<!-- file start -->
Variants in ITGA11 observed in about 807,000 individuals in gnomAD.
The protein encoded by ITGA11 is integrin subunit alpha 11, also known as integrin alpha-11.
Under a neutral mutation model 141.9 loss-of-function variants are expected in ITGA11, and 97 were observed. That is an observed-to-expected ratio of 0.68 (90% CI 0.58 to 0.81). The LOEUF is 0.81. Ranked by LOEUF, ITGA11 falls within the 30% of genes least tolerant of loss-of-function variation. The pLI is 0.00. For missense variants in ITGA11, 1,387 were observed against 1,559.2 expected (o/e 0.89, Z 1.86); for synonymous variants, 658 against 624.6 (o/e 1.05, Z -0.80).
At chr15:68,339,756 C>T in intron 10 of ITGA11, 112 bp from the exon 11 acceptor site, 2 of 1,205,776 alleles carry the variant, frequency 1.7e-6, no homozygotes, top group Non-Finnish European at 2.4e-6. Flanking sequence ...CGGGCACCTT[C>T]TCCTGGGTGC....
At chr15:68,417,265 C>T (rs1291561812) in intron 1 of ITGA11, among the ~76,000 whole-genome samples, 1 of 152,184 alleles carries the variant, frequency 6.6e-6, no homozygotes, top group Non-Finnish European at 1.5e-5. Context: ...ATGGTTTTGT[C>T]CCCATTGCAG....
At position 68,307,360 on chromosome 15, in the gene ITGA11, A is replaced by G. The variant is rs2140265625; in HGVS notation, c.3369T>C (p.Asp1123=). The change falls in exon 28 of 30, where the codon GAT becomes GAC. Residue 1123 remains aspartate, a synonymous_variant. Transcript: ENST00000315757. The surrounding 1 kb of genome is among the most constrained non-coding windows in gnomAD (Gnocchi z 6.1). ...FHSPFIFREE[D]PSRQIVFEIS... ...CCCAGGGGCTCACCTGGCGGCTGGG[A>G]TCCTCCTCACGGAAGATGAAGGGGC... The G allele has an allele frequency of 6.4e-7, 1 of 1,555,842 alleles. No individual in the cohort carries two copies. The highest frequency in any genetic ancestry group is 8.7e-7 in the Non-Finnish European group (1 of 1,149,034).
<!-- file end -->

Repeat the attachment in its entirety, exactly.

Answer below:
Variants in ITGA11 observed in about 807,000 individuals in gnomAD.
The protein encoded by ITGA11 is integrin subunit alpha 11, also known as integrin alpha-11.
Under a neutral mutation model 141.9 loss-of-function variants are expected in ITGA11, and 97 were observed. That is an observed-to-expected ratio of 0.68 (90% CI 0.58 to 0.81). The LOEUF is 0.81. Ranked by LOEUF, ITGA11 falls within the 30% of genes least tolerant of loss-of-function variation. The pLI is 0.00. For missense variants in ITGA11, 1,387 were observed against 1,559.2 expected (o/e 0.89, Z 1.86); for synonymous variants, 658 against 624.6 (o/e 1.05, Z -0.80).
At chr15:68,339,756 C>T in intron 10 of ITGA11, 112 bp from the exon 11 acceptor site, 2 of 1,205,776 alleles carry the variant, frequency 1.7e-6, no homozygotes, top group Non-Finnish European at 2.4e-6. Flanking sequence ...CGGGCACCTT[C>T]TCCTGGGTGC....
At chr15:68,417,265 C>T (rs1291561812) in intron 1 of ITGA11, among the ~76,000 whole-genome samples, 1 of 152,184 alleles carries the variant, frequency 6.6e-6, no homozygotes, top group Non-Finnish European at 1.5e-5. Context: ...ATGGTTTTGT[C>T]CCCATTGCAG....
At position 68,307,360 on chromosome 15, in the gene ITGA11, A is replaced by G. The variant is rs2140265625; in HGVS notation, c.3369T>C (p.Asp1123=). The change falls in exon 28 of 30, where the codon GAT becomes GAC. Residue 1123 remains aspartate, a synonymous_variant. Transcript: ENST00000315757. The surrounding 1 kb of genome is among the most constrained non-coding windows in gnomAD (Gnocchi z 6.1). ...FHSPFIFREE[D]PSRQIVFEIS... ...CCCAGGGGCTCACCTGGCGGCTGGG[A>G]TCCTCCTCACGGAAGATGAAGGGGC... The G allele has an allele frequency of 6.4e-7, 1 of 1,555,842 alleles. No individual in the cohort carries two copies. The highest frequency in any genetic ancestry group is 8.7e-7 in the Non-Finnish European group (1 of 1,149,034).